The chip was dislodged into lotion 1 for washing for 1 min, and then put into lotion 2 for washing for 1 min (37[degrees]C). Then the chip was scanned in an Agilent scanner with a resolution of 5 am, and the scanner automatically scanned the chip to 100% and 10% PMT for each, respectively.

The 8 GeneChips, four sets from each group were scanned and data was quantified using the Agilent scanner and Genespring software. Spot intensities were calculated, using the median value of all spots for further analysis. Poor-quality spots (flag = 0) were filtered from the raw data of each array before analysis, followed by background subtraction of median intensity signals (F532 median-B532 median) and then rescaled by global normalization (Quantile) and different functional classifications were divided by Gene Ontology (GO). Net intensities less than 500 from the normalized data were removed and the remaining signals are transformed logarithmically. Statistically significant differential gene expression was characterized from four sets of GeneChip data derived from each group, using the unpaired t-test. Because the ratio on the array is expressed in a log2 scale, a ratio of >2.00 or <0.50 corresponds to a more than twofold up- or down-regulation respectively. To compare with the quantitative PCR, the log2 ratios were transformed to normal ratios. In order to select significant gene expression changes, genes showing statistically different (p<0.01) expression levels, representing two-fold or greater were selected and processed for further analysis by quantitative RT-PCR to validate the result.

Quantitative real-time RT-PCR

Oligonucleotide primers were designed to amplify a fragment containing sequences from two adjacent exons in order to avoid contamination with genomic DNA. Glyceraldehyde-3-phosphate dehydrogenase (GAPDH) was considered to be a stably expressed housekeeping gene and was used as an internal reference gene. The primer pairs were used to analyze gene expression and the size of product are shown in Table 1.

Four genes were selected from all differently expressed genes for further investigation of their expression. Realtime quantitative RT-PCR was used to evaluate these. The reaction was performed in a volume of 20 [micro]l and carried out in an ABI Prism 7500 Sequence Detection System (Applied Biosystems, Foster City, CA, USA) (Applied Biosystems) programmed to conduct one cycle at 95[degrees]C for 30 s, 40 cycles at 95[degrees]C for 15 s and 60[degrees]C for 34 s. The dissociation curves were analyzed for each PCR reaction to detect and eliminate possible primer-dimer artifacts. Results (fold changes) were expressed as [2.sup.-[DELTA][DELTA]Ct] with [DELTA][DELTA]Ct = (CtijCtGAPDHj)-(Cti1-CtGAPDH1), where Ctij and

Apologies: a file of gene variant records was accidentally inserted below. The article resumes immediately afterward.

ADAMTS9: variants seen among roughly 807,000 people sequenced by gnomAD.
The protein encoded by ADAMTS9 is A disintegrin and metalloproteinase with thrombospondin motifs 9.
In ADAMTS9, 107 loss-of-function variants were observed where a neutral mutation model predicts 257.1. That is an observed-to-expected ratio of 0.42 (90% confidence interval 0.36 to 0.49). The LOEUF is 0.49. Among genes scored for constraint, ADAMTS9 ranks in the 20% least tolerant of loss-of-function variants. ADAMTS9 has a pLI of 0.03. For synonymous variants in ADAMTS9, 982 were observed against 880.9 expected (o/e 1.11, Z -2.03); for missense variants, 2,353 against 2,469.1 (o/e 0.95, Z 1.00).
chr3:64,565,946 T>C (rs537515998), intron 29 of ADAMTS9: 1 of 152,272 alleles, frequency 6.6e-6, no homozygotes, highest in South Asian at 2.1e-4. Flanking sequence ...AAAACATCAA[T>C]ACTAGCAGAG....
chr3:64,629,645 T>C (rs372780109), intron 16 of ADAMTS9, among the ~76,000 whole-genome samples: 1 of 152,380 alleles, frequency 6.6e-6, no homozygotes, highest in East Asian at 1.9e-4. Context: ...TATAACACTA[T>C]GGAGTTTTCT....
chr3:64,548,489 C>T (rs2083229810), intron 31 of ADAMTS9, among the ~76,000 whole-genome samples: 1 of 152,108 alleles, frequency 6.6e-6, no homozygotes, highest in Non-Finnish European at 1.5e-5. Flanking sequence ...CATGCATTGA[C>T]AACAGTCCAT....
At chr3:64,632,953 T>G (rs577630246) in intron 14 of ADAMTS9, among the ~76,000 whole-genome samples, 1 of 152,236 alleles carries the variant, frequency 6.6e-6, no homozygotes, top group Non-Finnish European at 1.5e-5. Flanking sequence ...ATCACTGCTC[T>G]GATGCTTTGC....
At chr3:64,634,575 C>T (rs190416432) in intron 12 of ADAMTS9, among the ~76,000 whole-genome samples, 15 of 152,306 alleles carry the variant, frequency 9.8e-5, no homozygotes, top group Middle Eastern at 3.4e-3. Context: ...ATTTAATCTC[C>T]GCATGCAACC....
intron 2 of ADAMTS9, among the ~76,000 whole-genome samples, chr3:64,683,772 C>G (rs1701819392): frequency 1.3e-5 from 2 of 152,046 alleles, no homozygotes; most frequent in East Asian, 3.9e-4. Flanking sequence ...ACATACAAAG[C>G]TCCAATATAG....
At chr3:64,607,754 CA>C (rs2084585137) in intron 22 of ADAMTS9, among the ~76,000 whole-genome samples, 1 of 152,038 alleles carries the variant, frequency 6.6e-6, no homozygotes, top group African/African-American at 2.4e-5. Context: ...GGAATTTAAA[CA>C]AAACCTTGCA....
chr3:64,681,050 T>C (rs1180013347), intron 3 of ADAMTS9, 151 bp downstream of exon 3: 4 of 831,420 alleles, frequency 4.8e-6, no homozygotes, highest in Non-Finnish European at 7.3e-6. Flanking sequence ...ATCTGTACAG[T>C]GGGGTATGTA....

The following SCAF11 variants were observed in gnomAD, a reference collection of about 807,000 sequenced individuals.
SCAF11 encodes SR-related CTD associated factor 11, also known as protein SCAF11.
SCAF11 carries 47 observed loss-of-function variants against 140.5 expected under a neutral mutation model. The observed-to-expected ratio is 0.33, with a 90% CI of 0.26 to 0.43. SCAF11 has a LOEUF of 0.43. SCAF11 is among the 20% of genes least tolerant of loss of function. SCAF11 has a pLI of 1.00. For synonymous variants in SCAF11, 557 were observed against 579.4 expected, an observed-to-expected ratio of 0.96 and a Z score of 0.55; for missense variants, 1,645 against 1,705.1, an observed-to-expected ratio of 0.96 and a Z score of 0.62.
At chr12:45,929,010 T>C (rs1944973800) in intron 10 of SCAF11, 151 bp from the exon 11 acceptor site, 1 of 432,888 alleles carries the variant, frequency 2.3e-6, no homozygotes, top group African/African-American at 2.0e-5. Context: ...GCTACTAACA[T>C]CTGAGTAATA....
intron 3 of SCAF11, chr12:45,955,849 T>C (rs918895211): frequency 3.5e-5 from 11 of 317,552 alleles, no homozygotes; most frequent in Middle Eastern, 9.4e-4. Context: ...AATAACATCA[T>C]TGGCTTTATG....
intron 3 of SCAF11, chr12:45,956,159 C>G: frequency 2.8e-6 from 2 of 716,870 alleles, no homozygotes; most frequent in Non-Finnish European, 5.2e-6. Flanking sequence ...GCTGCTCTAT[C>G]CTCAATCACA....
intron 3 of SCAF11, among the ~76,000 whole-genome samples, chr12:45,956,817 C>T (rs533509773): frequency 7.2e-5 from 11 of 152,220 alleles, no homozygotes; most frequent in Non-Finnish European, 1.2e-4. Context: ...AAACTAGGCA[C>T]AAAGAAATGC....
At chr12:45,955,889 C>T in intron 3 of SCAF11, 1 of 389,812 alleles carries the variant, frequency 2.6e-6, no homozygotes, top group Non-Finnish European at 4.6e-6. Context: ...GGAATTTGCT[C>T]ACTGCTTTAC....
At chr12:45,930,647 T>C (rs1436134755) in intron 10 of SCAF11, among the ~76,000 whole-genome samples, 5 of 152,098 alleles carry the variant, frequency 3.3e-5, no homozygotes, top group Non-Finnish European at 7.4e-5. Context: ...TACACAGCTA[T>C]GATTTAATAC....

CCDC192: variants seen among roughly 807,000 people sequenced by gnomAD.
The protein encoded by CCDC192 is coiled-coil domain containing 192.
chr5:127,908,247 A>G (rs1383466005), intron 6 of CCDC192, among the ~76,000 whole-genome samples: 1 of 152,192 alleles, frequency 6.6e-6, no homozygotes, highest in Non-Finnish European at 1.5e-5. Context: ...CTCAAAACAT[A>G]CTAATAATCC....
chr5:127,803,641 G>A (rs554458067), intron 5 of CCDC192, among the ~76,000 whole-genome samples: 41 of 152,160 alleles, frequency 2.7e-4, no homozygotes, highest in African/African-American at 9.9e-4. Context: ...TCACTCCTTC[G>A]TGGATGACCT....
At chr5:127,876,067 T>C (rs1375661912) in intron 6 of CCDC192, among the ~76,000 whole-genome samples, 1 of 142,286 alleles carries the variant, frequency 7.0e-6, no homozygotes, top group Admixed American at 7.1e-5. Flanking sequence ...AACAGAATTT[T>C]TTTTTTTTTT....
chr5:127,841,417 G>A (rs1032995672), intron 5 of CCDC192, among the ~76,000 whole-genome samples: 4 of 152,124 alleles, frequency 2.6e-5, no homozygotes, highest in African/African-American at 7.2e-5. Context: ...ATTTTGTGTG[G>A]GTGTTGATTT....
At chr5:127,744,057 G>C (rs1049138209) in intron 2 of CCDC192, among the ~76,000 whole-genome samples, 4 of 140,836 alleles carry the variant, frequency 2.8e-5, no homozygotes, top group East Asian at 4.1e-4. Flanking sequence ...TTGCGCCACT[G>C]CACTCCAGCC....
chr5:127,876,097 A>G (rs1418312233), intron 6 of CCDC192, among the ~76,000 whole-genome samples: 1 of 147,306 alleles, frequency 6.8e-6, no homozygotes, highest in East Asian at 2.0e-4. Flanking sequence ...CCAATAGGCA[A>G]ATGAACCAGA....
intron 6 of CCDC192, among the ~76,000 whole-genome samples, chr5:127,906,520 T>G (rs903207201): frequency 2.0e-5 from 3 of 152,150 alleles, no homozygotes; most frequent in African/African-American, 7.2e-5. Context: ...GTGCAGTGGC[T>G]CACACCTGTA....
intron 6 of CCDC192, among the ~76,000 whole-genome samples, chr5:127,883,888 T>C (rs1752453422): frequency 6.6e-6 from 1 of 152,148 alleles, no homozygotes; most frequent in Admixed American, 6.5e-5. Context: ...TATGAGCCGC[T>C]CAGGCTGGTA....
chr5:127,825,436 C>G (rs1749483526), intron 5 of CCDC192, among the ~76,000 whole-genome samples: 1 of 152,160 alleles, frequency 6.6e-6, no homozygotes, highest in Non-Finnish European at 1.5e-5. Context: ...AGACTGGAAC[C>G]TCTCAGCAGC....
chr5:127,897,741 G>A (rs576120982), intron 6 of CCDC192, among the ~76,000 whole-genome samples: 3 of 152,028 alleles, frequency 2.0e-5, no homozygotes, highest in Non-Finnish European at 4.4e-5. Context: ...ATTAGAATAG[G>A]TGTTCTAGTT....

CtGAPDHj are the Ct for gene i and for GAPDH in a sample (named j), and Cti1 and CtGAPDH1 are the Ct in sample 1, expressed as the standard (Bourneuf, 2006).


Clinical symptoms of the Salmonella infection After 24 h oral inoculation the chicks were sacrificed. The cloacal swabs of the control animals were free of Salmonella, while the cloacal swabs of all Salmonella inoculated chicks were positive. Furthermore, the Salmonella infected birds from both groups already showed signs of systemic disease as Salmonella were detectable in the intestine.

Microarray data analysis

Differential expression genes of intestine to a Salmonella infection and GO analysis: There were 588 differentially expressed genes detected, of which 276 were known genes, and of the total number 266 were up-regulated and 322 were down-regulated. Different functional classifications were divided by Gene Ontology (GO) into thoses which were involved in immune system process, transporter activity, metabolic process, cellular process, in response to the Salmonella infection in the intestine as biological regulation and growth. In the part of up and different stages of immune responses in both chicken down regulated genes differentially expressed, TLR5, groups, while CCL1, IL8, CD79B and CCL5 were THBS1, KIT, and FGF10 were identified to be up-regulated identified to be down-regulated, and are shown in Table 2 and 3. Meanwhile, some genes among all these differentially expressed genes that had no annotation in GenBank were screened out and were presumed to be unknown new genes (Tables 2 and 3), in which there were 24 genes that were associated with immune system process, 201 with metabolic process and 300 with cellular process and so on. The distributions of related differentially expressed genes about the immune system process are shown in Figure 1.


Cluster dendrogram of differential expressed genes :